This post is also available in: Indonesia
Ramadhan, the holy month that is eagerly awaited by Muslims all over the world, not excepted to Japanese Muslims! This blissful month usually falls in the early summer with temperatures of 20° to 28° that require Muslims in Japan to do fasting for about 16 hours.
In this article, we introduce Kaiji Kadir Wada, a Japanese Muslim who is celebrating his 5th Ramadhan after became a Muslim.
Welcoming His 5th Ramadhan
Kaiji started doing fasting a year before his shahadah, so even though it is actually his 4th year as a Muslim (his shahadah was on 2017), he experienced fasting for his 5th time in Ramadhan 2021. It was hard at first, of course, but he mentioned that the experience gave him a lot of lessons.
How He Learns Shalat and Reads Al-Qur’an
To learn how to do shalat, he watched Youtube videos about prayer for kids. When he found some difficulties or something he doesn’t know during the learning, he tried to find the answer by asking his Muslim friends.
Along with the learning process, he figured out that some actions in prayer are slightly different depending on madhhab (a school of thought for Islamic jurisprudence). When he was in Indonesia which is one of the largest countries with a Muslim population in the world, he followed the locals in doing prayer.
Japanese Muslim’s A Day of Fasting
In Japan, Fajr prayer starts around 3:30 am as of April, so he needs to finish suhoor before that. Accordingly, he usually wakes up at 3 am to catch suhoor. Having a meal in the very early morning is something that we don’t do every day so that he prefers to have something simple and good for the stomach such as yogurt with strawberry jam and fruits.
After enjoying suhoor, he usually does 2 raka’at sunnah prayer and then followed by 2 raka’at Fajr prayer and reads Al-Qur’an. In some occasion, he joins community club activities at 4 am to 5 am, right after the Fajr prayer or go back to sleep before starting the day with work.
He is running a recruiting agent company, Career Diversity Inc., and basically does remote work from home, especially in these recent months with the pandemic, so he does not much get influenced by others during Ramadhan. He mentions that actually, there is nothing change with his daily working activities as he works and be productive as he does every day.
However, according to him, he heard about his Muslim friends that are struggling to manage their working time during Ramadhan. Kaiji who has been in Indonesia to work, himself feels the difference in how Muslims manage their time in a day between those in Indonesia and in Japan, as he experienced start and finish work time an hour earlier during Ramadhan.
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He has a quick pause for prayer every time prayer time comes. Especially during Ramadhan, he pauses his work at 6 pm to prepare for iftar and Maghrib prayer that usually comes at around 6:15 to 6:20 (in the early Ramadhan and slow down to the end of Ramadhan).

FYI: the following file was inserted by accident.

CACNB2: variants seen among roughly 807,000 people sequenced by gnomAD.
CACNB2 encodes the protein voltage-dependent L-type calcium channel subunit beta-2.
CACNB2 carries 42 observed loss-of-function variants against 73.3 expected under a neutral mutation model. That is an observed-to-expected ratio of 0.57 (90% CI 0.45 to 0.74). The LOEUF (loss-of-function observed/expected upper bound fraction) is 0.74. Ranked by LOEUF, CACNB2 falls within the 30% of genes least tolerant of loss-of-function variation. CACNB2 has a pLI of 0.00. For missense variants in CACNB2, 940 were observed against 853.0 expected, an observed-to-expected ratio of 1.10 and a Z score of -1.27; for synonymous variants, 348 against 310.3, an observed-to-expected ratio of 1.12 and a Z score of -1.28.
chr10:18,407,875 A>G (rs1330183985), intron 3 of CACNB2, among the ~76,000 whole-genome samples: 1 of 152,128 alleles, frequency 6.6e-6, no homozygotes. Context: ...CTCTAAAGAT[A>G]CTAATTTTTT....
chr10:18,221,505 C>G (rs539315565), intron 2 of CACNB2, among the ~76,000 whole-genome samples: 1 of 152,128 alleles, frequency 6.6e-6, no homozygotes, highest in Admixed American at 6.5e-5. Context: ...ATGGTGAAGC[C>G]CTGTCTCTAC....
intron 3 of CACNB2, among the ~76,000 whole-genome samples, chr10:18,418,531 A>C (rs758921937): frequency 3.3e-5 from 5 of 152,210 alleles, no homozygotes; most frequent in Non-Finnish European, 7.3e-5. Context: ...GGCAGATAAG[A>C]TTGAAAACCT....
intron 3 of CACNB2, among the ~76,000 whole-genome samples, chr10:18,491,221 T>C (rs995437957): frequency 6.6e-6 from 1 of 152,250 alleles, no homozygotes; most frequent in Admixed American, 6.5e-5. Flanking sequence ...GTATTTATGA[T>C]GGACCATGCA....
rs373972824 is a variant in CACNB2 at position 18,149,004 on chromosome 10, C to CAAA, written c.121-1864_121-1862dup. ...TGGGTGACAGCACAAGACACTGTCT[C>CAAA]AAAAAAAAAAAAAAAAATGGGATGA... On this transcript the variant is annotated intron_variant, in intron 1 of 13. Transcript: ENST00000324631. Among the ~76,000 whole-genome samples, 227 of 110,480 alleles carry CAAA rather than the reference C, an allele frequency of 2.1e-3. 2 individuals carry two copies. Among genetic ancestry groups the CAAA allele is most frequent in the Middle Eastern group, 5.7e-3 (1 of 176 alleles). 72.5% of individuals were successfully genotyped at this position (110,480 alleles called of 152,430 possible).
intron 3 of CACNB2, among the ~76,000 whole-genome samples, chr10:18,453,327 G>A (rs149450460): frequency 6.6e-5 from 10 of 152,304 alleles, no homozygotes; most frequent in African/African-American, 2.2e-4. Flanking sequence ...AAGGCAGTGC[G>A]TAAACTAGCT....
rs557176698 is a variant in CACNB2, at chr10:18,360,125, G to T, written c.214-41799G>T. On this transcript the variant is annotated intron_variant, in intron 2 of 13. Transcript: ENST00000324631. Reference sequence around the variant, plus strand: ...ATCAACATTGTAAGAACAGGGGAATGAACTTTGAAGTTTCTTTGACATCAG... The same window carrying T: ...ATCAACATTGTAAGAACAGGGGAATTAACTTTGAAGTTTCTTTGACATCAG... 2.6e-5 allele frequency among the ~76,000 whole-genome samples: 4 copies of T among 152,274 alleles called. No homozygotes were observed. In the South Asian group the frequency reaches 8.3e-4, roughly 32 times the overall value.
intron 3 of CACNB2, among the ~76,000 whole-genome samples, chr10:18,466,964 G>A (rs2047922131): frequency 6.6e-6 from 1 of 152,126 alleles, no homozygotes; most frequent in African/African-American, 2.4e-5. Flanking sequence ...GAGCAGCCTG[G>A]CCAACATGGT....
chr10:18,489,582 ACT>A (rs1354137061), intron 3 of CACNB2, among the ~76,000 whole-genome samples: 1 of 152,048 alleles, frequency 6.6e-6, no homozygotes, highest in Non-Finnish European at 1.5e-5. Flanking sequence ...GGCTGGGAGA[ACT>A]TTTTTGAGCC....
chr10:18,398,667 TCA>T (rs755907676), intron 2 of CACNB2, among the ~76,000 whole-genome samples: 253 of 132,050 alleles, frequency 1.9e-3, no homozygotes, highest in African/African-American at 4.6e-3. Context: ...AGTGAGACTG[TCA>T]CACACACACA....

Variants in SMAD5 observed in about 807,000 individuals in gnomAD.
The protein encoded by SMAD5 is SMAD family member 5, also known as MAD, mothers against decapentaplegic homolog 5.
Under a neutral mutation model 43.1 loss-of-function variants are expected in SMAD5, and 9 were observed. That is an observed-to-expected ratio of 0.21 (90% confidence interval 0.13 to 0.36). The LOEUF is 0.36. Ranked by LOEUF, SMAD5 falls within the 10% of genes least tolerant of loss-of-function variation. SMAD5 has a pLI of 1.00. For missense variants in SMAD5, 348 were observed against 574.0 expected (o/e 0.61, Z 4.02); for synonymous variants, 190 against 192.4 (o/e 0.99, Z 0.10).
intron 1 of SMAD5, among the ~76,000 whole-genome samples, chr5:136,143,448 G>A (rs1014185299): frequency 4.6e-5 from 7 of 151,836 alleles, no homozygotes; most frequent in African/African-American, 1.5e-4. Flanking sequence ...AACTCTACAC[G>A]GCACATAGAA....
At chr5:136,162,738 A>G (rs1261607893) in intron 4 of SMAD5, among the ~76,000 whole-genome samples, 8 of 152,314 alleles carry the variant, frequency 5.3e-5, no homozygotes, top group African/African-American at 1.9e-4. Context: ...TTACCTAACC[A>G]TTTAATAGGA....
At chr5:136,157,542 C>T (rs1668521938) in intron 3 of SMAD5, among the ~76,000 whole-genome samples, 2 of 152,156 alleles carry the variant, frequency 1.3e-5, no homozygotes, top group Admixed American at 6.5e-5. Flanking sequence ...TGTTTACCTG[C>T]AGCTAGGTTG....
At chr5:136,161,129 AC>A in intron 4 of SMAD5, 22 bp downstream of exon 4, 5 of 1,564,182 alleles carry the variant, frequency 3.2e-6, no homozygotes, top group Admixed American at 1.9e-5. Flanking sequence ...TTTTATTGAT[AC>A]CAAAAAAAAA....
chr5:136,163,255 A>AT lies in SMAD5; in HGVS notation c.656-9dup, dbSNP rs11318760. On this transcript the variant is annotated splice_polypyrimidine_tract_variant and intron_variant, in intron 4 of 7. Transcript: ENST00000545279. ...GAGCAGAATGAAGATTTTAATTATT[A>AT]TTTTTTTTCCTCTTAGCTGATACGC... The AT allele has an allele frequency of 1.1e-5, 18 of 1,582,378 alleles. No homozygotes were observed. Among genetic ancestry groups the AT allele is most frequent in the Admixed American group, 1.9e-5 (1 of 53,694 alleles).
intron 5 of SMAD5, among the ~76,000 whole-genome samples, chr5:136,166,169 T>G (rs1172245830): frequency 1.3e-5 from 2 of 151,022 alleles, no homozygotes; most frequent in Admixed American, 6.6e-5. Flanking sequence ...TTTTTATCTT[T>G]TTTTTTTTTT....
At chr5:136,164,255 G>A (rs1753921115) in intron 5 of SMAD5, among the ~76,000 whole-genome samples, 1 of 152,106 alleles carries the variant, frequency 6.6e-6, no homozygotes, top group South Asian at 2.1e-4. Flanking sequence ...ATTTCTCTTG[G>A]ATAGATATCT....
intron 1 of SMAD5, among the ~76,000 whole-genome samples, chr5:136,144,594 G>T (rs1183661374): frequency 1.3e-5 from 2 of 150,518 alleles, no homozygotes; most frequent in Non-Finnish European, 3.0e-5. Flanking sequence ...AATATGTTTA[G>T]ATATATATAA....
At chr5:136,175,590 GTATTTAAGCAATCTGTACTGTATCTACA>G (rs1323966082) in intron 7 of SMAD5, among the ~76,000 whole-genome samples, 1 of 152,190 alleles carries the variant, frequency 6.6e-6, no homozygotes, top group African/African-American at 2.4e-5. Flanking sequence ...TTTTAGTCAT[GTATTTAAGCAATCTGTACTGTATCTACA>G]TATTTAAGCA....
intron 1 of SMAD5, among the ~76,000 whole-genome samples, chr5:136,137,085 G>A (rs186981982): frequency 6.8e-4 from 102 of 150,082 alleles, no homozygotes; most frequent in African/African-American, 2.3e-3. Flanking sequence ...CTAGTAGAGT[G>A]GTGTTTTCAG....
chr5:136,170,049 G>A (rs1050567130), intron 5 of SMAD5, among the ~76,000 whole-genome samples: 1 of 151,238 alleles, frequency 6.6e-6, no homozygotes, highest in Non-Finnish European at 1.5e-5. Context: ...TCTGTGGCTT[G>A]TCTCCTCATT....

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Because he prepares iftar meals by himself, he tends to have it in very simple and quick. He always starts the iftar with 3 pieces of dates as Takjil. For these past 5 days, he had various meals for breaking fast such as paratha and prawn curry, rice with natto and raw egg, Indomie with rice (which is a popular combination among Indonesian!), dipping noodles, and when he had time to go out, he went to have an Indian butter chicken curry.
He received a lot of questions about the Japanese iftar menu from his foreign friends that come from Muslim-majority countries. Since most of the population in Japan is not Muslim, so there are no special iftar meals or spectacular atmosphere during Ramadan as the Japanese do not have that culture. So that, he has normal meals just like every day which he arranged according to his mood that time.
After enjoying the meals and finish the prayer, he goes back to work to finish the remaining tasks that should be done in the day.
Islamic Activities During Ramadhan
As mentioned above, he has community activities in the morning after suhoor and Fajr prayer. This is a new activity that started this Ramadhan. The activities are facilitated and organized by the Indonesian community which allows the participants to share knowledge, experience, the Deen, and many more with each other.
In the past few years, he was enjoying having iftar at masjid with other Muslims together. Unfortunately, there are no such vibes this year (following the last year’s). There are some masjids that offering iftar meal but with a very limited number of people or need registration beforehand as it is strictly maintaining social distance. However, most masjids are open for Taraweeh prayer and mostly shorten the raka’at into 8 due to the infection measurement. In his case, he does Taraweeh sometimes at the mosque but most frequently at home.
Some masjids allow i’tikaf in the last 10 days of Ramadan. However, it might be limited and regulated to some extent due to the pandemic.
Lessons Every Time Ramadhan Comes
Even the experiences Ramadhan for his 5th time, he is proactively making efforts to make improvement of himself, even a bit, in every Ramadhan.
There is one Hadith that motivates him a lot.
إِنَّمَا الْأَعْمَالُ بِالنِّيَّات
“Actions are (judged) by motives (niyyah) (Hadith 1, 40 Hadith an-Nawawi).
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With the Hadith in his heart, he wants to maintain motivation and good intention anytime on any occasion. This year, his goal is to improve his inner self by focusing on self-control to be a better human being, which is not only about visible action.